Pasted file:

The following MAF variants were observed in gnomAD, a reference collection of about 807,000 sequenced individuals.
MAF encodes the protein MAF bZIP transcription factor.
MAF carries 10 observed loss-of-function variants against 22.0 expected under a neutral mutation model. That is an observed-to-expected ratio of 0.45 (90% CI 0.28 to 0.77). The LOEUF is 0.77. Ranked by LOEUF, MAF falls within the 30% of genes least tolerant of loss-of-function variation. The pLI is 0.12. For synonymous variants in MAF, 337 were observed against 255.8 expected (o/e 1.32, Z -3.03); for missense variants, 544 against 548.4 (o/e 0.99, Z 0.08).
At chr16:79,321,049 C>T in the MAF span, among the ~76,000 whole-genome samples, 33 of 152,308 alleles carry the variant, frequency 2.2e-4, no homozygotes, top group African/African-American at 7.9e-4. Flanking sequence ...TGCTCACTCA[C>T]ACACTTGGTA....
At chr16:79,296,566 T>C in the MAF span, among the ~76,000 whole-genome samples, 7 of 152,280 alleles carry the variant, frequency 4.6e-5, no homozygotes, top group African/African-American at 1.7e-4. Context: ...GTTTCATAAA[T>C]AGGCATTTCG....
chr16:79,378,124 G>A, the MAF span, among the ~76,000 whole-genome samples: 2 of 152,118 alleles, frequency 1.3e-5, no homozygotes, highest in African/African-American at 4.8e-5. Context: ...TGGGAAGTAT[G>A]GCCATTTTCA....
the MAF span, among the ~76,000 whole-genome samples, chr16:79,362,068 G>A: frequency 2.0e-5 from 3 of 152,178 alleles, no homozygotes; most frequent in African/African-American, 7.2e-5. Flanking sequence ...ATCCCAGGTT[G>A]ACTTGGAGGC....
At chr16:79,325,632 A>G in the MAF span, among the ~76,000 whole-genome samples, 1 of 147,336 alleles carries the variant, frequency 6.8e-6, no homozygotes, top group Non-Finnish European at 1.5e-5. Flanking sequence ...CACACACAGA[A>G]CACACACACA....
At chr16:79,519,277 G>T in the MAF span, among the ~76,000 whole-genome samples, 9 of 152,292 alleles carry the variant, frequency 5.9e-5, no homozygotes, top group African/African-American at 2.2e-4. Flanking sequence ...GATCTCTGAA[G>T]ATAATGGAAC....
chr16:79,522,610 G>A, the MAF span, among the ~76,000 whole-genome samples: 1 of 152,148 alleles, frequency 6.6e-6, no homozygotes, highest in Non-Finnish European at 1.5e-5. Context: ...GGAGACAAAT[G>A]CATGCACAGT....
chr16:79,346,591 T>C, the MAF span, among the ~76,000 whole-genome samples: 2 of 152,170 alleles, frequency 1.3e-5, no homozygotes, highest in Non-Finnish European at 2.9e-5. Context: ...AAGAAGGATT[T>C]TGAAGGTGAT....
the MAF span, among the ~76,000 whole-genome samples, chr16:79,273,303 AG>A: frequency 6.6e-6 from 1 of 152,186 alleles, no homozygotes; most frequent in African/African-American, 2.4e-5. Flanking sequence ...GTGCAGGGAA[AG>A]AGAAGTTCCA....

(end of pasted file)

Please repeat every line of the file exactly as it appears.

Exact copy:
The following MAF variants were observed in gnomAD, a reference collection of about 807,000 sequenced individuals.
MAF encodes the protein MAF bZIP transcription factor.
MAF carries 10 observed loss-of-function variants against 22.0 expected under a neutral mutation model. That is an observed-to-expected ratio of 0.45 (90% CI 0.28 to 0.77). The LOEUF is 0.77. Ranked by LOEUF, MAF falls within the 30% of genes least tolerant of loss-of-function variation. The pLI is 0.12. For synonymous variants in MAF, 337 were observed against 255.8 expected (o/e 1.32, Z -3.03); for missense variants, 544 against 548.4 (o/e 0.99, Z 0.08).
At chr16:79,321,049 C>T in the MAF span, among the ~76,000 whole-genome samples, 33 of 152,308 alleles carry the variant, frequency 2.2e-4, no homozygotes, top group African/African-American at 7.9e-4. Flanking sequence ...TGCTCACTCA[C>T]ACACTTGGTA....
At chr16:79,296,566 T>C in the MAF span, among the ~76,000 whole-genome samples, 7 of 152,280 alleles carry the variant, frequency 4.6e-5, no homozygotes, top group African/African-American at 1.7e-4. Context: ...GTTTCATAAA[T>C]AGGCATTTCG....
chr16:79,378,124 G>A, the MAF span, among the ~76,000 whole-genome samples: 2 of 152,118 alleles, frequency 1.3e-5, no homozygotes, highest in African/African-American at 4.8e-5. Context: ...TGGGAAGTAT[G>A]GCCATTTTCA....
the MAF span, among the ~76,000 whole-genome samples, chr16:79,362,068 G>A: frequency 2.0e-5 from 3 of 152,178 alleles, no homozygotes; most frequent in African/African-American, 7.2e-5. Flanking sequence ...ATCCCAGGTT[G>A]ACTTGGAGGC....
At chr16:79,325,632 A>G in the MAF span, among the ~76,000 whole-genome samples, 1 of 147,336 alleles carries the variant, frequency 6.8e-6, no homozygotes, top group Non-Finnish European at 1.5e-5. Flanking sequence ...CACACACAGA[A>G]CACACACACA....
At chr16:79,519,277 G>T in the MAF span, among the ~76,000 whole-genome samples, 9 of 152,292 alleles carry the variant, frequency 5.9e-5, no homozygotes, top group African/African-American at 2.2e-4. Flanking sequence ...GATCTCTGAA[G>T]ATAATGGAAC....
chr16:79,522,610 G>A, the MAF span, among the ~76,000 whole-genome samples: 1 of 152,148 alleles, frequency 6.6e-6, no homozygotes, highest in Non-Finnish European at 1.5e-5. Context: ...GGAGACAAAT[G>A]CATGCACAGT....
chr16:79,346,591 T>C, the MAF span, among the ~76,000 whole-genome samples: 2 of 152,170 alleles, frequency 1.3e-5, no homozygotes, highest in Non-Finnish European at 2.9e-5. Context: ...AAGAAGGATT[T>C]TGAAGGTGAT....
the MAF span, among the ~76,000 whole-genome samples, chr16:79,273,303 AG>A: frequency 6.6e-6 from 1 of 152,186 alleles, no homozygotes; most frequent in African/African-American, 2.4e-5. Flanking sequence ...GTGCAGGGAA[AG>A]AGAAGTTCCA....